The cationic polymerization modifier preferably has a photoinduced potential less than that of 3-dimethylaminobenzoic acid in a standard solution of 2.9×10−5 moles/g diphenyliodonium hexafluoroantimonate and 1.5×10−5moles/g camphorquinone in 2-butanone. The photoinduced potential can be evaluated in the following manner. A standard solution is prepared that contains 2.9×10−5 moles/g of diphenyliodonium hexafluoroantimonate and 1.5×10−5 moles/g of camphorquinone in 2-butanone. A pH electrode is then immersed in the solution and a pH meter is calibrated to zero mV. A test solution of the standard solution and the modifier is prepared next using the modifier at a concentration of 2.9×10−5 moles/g. This test solution is irradiated using blue light having a wavelength of about 400 to 500 nm having an intensity of about 200 to 400 mW/cm2 for about 5 to 10 seconds at a distance of about 1 mm. Millivolts relative to the standard solution are then determined by immersing the pH electrode in the test solution and obtaining a mV reading on the pH meter. Useful modifier are those compounds that provide a reading no greater than about 75 mV relative to the standard solution.
In some instances there may be some uncertainty regarding the outcome of the above procedure. This may be due to questions or uncertainty arising from the instrumentation employed, from the way the procedure was carried out, or other factors, or one may wish to verify the suitability of a particular modifier. A second test may be performed to verify the result obtained by following the above procedure and resolve any such uncertainty.
The second method involves the evaluation of the photoinduced potential of an initiator system that includes the modifier compared to a system that includes 3-dimethylamino benzoic acid. For this method, a standard solution of 2.9×10−5 moles/g diphenyliodonium hexafluoroantimonate, 1.5×10−5 moles/g camphorquinone and 2.9×10−5moles/g of 3-dimethylaminobenzoic acid in 2-butanone is prepared. A pH electrode is then immersed in the solution and a pH meter is calibrated to zero mV. The standard solution is irradiated with blue light having a wavelength of between about 400-500 nm and an intensity of about 200 to 400 mW/cm2 for about 5 to 10 seconds using a focused light source such as a dental curing light at a distance of about 1 mm. After light exposure, the potential of the solution is measured by immersing a pH electrode in the irradiated standard solution and reading the potential in mV using a pH meter. A test solution is then prepared using 2.9×10−−5moles/g of diphenyliodonium hexafluoroantimonate, 1.5×10−5 moles/g of camphorquinone and 2.9×10−5 moles/g of the modifier in 2-butanone. The test solution is irradiated and the photoinduced potential measured using the same technique as described for the standard solution. If the test solution has a photoinduced potential that is less than that of the 3-dimethylaminobenzoic acid containing standard solution, then the modifier may be a useful cationic polymerization modifier.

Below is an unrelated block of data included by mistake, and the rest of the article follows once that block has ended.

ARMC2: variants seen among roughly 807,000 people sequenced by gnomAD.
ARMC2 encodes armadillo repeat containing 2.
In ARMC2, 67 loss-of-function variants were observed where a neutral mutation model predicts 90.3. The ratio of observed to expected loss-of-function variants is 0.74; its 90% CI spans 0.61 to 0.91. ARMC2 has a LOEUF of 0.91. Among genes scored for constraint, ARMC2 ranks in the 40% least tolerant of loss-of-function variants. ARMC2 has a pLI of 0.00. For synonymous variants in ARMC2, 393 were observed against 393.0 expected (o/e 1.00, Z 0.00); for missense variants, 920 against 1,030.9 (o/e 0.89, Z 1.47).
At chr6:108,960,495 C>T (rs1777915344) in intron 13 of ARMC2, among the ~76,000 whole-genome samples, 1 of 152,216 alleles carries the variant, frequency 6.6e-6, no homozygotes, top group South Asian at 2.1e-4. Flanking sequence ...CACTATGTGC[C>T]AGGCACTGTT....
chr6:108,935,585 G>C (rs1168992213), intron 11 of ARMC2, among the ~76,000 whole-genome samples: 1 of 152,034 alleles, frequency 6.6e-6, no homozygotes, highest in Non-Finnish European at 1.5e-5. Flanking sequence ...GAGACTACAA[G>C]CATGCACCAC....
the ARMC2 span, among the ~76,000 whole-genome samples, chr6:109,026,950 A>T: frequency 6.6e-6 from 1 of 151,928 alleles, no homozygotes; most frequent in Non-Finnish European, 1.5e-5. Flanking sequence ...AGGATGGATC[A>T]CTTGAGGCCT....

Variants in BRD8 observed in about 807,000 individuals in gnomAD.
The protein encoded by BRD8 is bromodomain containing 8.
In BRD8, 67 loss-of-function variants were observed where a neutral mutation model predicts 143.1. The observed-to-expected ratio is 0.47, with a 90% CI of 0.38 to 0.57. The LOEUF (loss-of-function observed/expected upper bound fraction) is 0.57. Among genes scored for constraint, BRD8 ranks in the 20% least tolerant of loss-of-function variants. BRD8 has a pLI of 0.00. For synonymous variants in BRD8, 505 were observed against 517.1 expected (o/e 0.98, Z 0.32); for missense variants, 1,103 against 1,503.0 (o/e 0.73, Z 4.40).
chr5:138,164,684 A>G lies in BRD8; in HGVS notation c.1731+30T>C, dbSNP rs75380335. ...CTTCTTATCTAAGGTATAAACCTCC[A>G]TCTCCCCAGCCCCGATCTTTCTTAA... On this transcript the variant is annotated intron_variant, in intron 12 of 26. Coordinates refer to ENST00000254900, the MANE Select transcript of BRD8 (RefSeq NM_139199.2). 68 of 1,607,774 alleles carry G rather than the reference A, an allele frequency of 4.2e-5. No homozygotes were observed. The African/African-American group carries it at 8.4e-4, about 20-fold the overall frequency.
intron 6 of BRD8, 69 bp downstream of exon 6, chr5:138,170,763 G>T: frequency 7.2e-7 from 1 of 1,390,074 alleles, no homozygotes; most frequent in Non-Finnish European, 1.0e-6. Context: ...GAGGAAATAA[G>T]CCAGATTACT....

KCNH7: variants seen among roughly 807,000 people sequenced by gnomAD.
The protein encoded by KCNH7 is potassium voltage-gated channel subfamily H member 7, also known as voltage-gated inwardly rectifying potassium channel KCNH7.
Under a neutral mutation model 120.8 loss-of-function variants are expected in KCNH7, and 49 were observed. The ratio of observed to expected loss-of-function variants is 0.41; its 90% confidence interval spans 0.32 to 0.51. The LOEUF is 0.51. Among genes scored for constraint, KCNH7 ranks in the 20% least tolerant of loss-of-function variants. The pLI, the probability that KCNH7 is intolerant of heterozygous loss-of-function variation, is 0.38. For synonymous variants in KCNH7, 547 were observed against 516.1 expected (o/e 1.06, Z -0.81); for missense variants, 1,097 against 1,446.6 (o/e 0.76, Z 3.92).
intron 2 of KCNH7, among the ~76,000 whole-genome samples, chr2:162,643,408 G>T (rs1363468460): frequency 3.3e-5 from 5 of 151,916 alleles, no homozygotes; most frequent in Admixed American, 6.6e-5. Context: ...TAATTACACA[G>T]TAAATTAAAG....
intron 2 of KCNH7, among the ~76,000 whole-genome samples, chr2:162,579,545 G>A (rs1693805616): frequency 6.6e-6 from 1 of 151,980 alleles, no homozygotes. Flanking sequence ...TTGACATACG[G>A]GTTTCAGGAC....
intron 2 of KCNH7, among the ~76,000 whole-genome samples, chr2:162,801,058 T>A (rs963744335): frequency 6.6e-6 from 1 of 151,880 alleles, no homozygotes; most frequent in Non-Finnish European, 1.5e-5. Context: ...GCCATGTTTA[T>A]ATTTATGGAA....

Useful cationic polymerization modifiers are typically bases having pKb values, measured in aqueous solution, of less than 10. Examples of classes of suitable cationic polymerization modifiers include aromatic amines, aliphatic amines, aliphatic amides, aliphatic ureas; aliphatic and aromatic phosphines, and salts of organic or inorganic acids (e.g., salts of sulfinic acid). Specific examples include 4-(dimethylamino)phenylacetic acid, dimethylaminophenethanol, dihydroxy p-toluidine, N-(3,5-dimethylphenyl)-N,N-diethanolamine, 2,4,6-pentamethylaniline, dimethylbenzylamine, N,N-dimethylacetamide, tetramethylurea, N-methyldiethanolamine, triethylamine, 2-(methylamino)ethanol, dibutylamine, diethanolamine, N-ethylmorpholine, trimethyl-1,3-propanediamine, 3-quinuclidinol, triphenylphosphine, sodium toluene sulfinate, tricyclohexylphosphine, N-methylpyrollidone, and t-butyldimethylaniline. These modifiers may be used alone or in combination with each other, or with a material having photoinduced potential greater than that of 3-dimethylaminobenzoic acid in a standard solution of 2.9×10−5 moles/g diphenyliodonium hexafluoroantimonate and 1.5×10−5 moles/g camphorquinone in 2-butanone; an example of such a material is ethyl 4-(dimethylamino)benzoate (“EDMAB”).